A steroid dealer gets busted for selling steroids to Connecticut high school athletes and the local high school coaches are “shocked”. Â They are all confident that “none of my players has ever used steroids”.
How many times do we have to hear stories like this before we INSIST that our high school coaches receive formal training to know how to recognize and deal with steroid users? Â Just who in the heck do these coaches think were purchasing this dealer’s steroids?
Oh, that’s right, it must have been the athletes at that “other school”, the one that is our rival. Â You know, the school that’s across town.
“It’s too bad that anyone would do that,” Angarano said. “It’s an unfortunate thing. It reallyÂ is.”
Angarano, like other coaches, administrators and former athletes in the Greater Danbury area, expressed surprise at theÂ news.
“I have never heard of any of that in our area,” heÂ said.
Bryan Luizzi, principal of Brookfield High School, said he was unaware of the investigation, which yielded three arrests, with a fourth anticipated late TuesdayÂ afternoon.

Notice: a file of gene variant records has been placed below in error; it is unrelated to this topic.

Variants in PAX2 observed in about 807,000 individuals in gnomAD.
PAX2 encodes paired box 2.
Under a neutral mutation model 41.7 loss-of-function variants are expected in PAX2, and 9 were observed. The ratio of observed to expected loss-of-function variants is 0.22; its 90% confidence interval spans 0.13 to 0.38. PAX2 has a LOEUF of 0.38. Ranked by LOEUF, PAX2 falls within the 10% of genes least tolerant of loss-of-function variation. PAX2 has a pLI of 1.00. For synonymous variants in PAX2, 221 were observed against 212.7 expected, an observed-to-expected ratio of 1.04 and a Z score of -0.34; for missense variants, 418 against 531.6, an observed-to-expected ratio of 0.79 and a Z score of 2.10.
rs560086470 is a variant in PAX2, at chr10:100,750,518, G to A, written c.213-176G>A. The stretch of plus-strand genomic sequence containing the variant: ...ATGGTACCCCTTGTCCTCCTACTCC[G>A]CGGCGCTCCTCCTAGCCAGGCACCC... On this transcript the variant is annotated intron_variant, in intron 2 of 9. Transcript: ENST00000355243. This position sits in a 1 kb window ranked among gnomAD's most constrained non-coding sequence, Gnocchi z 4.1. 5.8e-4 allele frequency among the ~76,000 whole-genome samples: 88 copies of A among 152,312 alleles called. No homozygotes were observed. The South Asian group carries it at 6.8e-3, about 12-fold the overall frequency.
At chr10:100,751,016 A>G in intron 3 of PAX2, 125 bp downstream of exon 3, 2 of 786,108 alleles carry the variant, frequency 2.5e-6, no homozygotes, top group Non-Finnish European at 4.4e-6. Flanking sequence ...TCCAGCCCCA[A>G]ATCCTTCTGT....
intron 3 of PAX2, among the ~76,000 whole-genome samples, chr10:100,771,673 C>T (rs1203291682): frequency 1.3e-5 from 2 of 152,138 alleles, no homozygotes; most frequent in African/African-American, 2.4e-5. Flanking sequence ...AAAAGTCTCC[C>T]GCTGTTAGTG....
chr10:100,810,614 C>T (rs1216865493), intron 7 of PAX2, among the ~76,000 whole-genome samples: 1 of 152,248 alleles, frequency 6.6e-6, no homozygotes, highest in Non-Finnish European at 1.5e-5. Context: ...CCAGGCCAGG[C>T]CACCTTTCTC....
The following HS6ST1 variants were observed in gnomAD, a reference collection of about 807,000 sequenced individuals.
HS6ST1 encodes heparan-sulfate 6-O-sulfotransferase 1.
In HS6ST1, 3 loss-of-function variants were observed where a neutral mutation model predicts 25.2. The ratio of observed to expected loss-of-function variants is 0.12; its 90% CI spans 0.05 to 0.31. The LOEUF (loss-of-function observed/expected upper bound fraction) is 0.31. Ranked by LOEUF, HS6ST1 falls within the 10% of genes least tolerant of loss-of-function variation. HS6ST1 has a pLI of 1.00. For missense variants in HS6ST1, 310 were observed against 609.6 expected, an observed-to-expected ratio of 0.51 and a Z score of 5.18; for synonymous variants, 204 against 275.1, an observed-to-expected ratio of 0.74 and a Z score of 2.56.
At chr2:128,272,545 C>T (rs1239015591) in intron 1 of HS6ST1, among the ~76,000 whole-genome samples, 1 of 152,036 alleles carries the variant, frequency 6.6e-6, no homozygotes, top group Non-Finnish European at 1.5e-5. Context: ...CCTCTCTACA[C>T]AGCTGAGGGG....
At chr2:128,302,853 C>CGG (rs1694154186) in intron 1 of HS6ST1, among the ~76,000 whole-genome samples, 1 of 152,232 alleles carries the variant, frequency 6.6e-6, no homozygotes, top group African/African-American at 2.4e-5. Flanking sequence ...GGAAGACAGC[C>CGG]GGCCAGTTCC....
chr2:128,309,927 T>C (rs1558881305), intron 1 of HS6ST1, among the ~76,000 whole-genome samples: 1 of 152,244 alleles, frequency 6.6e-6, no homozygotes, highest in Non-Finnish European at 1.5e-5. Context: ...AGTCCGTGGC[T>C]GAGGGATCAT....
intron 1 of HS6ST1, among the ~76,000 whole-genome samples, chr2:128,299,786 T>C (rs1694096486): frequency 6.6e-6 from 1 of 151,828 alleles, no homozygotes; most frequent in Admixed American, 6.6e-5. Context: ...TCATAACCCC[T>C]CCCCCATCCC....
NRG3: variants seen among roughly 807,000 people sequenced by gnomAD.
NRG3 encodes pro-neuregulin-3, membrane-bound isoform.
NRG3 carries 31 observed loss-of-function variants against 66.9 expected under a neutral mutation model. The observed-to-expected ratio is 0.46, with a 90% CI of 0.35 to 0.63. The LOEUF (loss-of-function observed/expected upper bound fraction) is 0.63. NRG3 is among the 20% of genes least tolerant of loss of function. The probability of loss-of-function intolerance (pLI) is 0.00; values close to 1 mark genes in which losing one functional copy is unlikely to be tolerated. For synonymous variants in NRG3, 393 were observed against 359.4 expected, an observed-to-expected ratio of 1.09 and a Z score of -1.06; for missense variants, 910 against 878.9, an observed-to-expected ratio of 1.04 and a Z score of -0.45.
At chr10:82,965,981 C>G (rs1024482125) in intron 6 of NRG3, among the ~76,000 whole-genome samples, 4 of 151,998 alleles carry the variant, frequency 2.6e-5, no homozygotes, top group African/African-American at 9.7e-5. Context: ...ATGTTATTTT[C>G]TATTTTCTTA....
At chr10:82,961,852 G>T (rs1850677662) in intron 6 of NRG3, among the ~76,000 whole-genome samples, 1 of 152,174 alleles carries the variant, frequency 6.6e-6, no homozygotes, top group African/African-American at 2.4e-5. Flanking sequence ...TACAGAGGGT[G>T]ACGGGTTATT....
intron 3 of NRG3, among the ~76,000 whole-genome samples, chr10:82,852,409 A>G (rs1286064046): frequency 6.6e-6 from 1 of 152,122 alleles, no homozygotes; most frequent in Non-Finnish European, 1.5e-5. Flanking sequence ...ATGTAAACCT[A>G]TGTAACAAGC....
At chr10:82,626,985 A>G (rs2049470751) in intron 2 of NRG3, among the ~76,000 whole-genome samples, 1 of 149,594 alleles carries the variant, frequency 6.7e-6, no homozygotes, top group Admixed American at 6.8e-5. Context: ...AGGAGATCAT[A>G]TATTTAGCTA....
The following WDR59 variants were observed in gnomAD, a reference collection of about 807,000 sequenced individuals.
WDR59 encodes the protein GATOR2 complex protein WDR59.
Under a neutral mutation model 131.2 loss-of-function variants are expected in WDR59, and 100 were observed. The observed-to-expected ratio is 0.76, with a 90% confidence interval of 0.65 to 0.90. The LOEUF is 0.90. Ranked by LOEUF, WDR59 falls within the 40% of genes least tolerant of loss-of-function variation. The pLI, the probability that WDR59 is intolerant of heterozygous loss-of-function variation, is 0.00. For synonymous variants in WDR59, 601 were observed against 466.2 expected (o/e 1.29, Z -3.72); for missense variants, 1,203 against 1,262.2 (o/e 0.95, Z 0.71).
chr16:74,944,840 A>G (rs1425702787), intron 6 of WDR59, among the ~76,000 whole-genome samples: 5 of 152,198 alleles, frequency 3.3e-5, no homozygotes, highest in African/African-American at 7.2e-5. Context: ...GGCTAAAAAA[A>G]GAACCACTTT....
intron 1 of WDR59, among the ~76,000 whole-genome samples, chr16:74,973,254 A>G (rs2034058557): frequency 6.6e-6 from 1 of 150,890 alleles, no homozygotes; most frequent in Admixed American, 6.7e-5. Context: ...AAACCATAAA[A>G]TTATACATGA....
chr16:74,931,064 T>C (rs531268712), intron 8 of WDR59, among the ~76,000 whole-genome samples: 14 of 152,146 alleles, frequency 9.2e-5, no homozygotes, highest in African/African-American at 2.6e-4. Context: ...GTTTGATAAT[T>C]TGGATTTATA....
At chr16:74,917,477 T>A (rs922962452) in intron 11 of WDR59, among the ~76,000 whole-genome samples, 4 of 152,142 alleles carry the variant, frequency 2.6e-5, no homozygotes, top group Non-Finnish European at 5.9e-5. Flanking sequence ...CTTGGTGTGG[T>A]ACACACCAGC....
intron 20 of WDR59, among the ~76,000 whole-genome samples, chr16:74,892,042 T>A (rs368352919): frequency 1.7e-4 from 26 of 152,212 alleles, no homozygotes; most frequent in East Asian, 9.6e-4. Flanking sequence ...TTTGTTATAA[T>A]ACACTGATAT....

Among those arrested was Bethel businessmanÂ Mark Mansa, who had been active in Bethel youth sportsÂ programs.
“We haven’t had any issues,” Luizzi said about the highÂ school.
To his knowledge, Luizzi said, Brookfield High School has not been investigated, but he said he will talk to the athleticÂ coordinator.
Brookfield High School has a full-time athletic trainer, Jen Kaloupek, who gets to know the student-athletes well, Luizzi said, adding, “That helps us withÂ prevention.”
Brookfield High has a steroid policy but does not test students for drug use, school officialsÂ said.
New Milford High School has a general substance abuse policy that includes steroids, but the school does no drug testing, officials thereÂ said.
Head football coachÂ Chuck Lynch, however, said he can “confidently say that none of my players has ever usedÂ steroids.”
Lynch added that “every coach in the area should… really start to educate his or herÂ players.”